“For an industry that’s more than 25 years to see that kind of growth, 32 per cent growth on average for the last three years – I don’t think you can find another industry that we’re seeing that kind of growth,” he said.

Wohlers will be a speaker at next month’s Inside 3D Printing series event, making its Australian debut in Melbourne. It will be one of more than 110 keynotes he has made, including at the very first installment of the series in New York in 2013.

According to his research, there’s a number of reasons behind the explosion in both general attention and investment in additive manufacturing.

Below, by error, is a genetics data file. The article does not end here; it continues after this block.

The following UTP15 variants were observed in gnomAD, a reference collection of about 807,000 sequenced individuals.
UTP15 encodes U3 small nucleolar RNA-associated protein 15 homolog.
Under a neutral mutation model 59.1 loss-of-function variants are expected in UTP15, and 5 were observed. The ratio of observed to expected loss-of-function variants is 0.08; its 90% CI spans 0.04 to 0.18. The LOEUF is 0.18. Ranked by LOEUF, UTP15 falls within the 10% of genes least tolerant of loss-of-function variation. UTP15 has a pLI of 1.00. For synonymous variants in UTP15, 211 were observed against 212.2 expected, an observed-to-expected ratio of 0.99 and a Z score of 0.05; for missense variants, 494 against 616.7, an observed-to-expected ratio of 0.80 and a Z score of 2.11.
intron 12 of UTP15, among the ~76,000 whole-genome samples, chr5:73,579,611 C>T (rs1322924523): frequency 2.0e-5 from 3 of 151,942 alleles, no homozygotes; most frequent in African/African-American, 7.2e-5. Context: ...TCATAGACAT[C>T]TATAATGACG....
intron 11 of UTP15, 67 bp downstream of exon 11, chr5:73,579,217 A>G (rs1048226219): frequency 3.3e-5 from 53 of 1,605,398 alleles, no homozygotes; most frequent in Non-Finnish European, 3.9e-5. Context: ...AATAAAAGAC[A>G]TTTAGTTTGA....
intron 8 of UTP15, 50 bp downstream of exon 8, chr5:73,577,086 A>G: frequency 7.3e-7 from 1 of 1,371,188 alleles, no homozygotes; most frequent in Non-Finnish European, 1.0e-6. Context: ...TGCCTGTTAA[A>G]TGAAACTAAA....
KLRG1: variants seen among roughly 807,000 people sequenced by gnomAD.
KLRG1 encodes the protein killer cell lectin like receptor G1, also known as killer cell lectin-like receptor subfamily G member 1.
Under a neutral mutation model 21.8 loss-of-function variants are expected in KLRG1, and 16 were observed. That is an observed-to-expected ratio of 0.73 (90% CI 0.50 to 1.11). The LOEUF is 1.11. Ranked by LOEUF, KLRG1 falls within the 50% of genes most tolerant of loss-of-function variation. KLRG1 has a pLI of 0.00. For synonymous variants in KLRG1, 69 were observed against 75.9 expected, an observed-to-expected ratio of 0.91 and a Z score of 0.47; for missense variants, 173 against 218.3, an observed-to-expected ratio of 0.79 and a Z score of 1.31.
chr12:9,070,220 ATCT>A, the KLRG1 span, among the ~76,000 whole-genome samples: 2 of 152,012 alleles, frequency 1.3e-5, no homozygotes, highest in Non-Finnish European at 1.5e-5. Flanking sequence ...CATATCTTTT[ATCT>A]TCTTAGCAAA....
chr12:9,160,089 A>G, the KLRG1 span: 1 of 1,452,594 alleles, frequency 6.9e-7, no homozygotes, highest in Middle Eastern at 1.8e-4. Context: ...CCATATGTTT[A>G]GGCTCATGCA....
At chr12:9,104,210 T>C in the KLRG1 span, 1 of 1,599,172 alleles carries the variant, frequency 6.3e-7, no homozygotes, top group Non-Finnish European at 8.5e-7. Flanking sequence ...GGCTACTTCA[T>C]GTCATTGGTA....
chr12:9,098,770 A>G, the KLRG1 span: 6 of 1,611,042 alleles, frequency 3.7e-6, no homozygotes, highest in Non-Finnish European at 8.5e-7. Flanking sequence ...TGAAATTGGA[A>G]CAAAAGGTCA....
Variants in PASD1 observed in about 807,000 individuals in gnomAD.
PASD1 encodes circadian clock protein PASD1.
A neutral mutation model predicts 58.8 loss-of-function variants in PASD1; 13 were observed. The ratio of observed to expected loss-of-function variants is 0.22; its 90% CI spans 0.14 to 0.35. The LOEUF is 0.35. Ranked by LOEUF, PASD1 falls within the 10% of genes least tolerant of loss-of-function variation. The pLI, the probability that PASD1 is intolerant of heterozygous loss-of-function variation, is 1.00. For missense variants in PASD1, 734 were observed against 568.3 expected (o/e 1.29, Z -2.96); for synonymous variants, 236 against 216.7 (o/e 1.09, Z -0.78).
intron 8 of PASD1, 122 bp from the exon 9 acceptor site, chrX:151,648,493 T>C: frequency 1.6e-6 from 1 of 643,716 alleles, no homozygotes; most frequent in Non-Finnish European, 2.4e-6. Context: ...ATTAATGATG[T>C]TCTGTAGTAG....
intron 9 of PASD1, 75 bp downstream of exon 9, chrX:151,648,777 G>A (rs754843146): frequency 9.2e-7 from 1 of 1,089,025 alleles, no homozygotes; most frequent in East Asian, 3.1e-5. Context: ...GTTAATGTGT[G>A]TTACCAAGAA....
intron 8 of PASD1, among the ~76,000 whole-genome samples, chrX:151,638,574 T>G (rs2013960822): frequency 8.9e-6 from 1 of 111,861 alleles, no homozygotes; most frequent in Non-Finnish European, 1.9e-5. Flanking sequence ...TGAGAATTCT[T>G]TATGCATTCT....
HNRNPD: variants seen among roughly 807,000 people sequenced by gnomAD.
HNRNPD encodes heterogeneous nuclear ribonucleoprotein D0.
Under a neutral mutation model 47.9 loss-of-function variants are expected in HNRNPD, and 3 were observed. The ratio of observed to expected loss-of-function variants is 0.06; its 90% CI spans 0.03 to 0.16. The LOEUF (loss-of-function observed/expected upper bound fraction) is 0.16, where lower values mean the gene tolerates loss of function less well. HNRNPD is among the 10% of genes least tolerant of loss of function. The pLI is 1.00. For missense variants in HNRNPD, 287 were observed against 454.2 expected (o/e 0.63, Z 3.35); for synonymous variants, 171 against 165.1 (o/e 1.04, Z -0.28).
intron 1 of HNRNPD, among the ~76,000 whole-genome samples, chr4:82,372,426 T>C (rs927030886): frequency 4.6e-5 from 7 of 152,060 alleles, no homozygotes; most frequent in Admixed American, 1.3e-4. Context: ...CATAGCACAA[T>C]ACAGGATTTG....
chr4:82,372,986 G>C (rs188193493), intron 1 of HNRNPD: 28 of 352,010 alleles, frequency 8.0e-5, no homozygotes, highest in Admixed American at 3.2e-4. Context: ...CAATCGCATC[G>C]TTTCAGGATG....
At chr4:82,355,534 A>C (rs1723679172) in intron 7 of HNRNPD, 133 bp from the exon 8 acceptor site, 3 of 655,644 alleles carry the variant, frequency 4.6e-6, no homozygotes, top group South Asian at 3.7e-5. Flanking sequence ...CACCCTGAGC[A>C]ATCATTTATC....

This includes the confusion between what personal, desktop printers can do (leading to some believing an entry-level machine can do what a production system costing hundreds of thousands of dollars can do) due to sometimes-inaccurate, sensationalist reporting. And yes, the last thing includes some of the coverage around 3D printing guns.

The role of quality journalism has been important too, with Wohlers citing attention from The Economist as very important for raising awareness, starting with its now famous “Print Me A Stradivarius” front-page story in February 2011.

Other reasons have included the US government’s focus on the technology – such as America Makes, an additive manufacturing hub in Youngstown, Ohio –  which has prompted other countries to try and keep up.

“America Makes, which is the National Additive Manufacturing Innovation Institute [was important],” explained Wohlers.